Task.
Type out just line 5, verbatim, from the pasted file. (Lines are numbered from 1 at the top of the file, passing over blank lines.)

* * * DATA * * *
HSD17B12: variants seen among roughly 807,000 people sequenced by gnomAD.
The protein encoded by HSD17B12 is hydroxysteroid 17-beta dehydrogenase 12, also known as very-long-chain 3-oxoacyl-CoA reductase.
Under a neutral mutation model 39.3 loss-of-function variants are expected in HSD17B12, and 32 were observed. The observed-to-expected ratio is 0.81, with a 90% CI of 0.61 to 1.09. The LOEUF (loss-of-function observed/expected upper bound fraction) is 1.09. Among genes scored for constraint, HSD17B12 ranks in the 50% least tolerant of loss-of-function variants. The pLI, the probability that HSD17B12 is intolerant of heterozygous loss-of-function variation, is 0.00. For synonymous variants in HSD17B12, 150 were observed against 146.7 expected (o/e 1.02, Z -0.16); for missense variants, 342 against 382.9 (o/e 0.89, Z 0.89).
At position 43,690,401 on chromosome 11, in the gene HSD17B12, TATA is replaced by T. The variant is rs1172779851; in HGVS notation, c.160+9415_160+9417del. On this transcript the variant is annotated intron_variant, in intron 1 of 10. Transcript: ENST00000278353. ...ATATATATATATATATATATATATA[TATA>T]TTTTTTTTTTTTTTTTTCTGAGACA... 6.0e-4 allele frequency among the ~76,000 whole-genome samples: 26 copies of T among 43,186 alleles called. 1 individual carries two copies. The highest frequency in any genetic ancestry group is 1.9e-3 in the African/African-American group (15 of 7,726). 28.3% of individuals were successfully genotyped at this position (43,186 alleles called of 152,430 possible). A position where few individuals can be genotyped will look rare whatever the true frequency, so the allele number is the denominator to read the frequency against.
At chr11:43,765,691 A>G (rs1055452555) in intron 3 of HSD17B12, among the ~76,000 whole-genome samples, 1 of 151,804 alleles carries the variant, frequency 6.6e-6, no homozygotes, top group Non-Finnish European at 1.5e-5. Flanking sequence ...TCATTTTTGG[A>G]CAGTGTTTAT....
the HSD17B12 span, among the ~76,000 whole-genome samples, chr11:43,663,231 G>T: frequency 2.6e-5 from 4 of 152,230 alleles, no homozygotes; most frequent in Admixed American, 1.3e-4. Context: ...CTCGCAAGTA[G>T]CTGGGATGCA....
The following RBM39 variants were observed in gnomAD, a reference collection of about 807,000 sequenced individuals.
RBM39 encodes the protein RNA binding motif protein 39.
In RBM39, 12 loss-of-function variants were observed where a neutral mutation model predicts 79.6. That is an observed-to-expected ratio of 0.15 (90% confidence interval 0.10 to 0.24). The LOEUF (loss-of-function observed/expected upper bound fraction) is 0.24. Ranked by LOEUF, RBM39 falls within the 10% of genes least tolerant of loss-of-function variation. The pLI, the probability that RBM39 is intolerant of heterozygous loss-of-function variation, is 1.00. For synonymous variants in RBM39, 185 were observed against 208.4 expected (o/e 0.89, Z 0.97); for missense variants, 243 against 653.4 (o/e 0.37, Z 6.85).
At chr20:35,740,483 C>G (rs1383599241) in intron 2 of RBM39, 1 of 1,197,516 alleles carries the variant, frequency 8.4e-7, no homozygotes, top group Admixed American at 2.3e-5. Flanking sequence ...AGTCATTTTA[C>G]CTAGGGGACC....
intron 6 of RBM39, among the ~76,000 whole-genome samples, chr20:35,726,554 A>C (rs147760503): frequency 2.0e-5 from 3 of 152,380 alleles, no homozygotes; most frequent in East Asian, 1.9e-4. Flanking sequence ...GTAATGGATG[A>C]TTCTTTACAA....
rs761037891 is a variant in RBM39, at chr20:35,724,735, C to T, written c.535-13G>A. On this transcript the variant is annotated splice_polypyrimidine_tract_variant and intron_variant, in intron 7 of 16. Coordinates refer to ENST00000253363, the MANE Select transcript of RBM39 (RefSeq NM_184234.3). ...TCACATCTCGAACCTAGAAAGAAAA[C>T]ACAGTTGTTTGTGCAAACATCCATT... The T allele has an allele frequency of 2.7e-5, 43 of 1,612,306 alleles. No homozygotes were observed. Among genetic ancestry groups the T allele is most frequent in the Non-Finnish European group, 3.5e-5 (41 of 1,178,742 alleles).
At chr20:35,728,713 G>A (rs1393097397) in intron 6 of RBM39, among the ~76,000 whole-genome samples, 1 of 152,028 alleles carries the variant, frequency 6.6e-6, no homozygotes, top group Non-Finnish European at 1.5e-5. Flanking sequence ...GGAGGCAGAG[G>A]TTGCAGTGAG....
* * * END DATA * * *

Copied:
At chr11:43,765,691 A>G (rs1055452555) in intron 3 of HSD17B12, among the ~76,000 whole-genome samples, 1 of 151,804 alleles carries the variant, frequency 6.6e-6, no homozygotes, top group Non-Finnish European at 1.5e-5. Flanking sequence ...TCATTTTTGG[A>G]CAGTGTTTAT....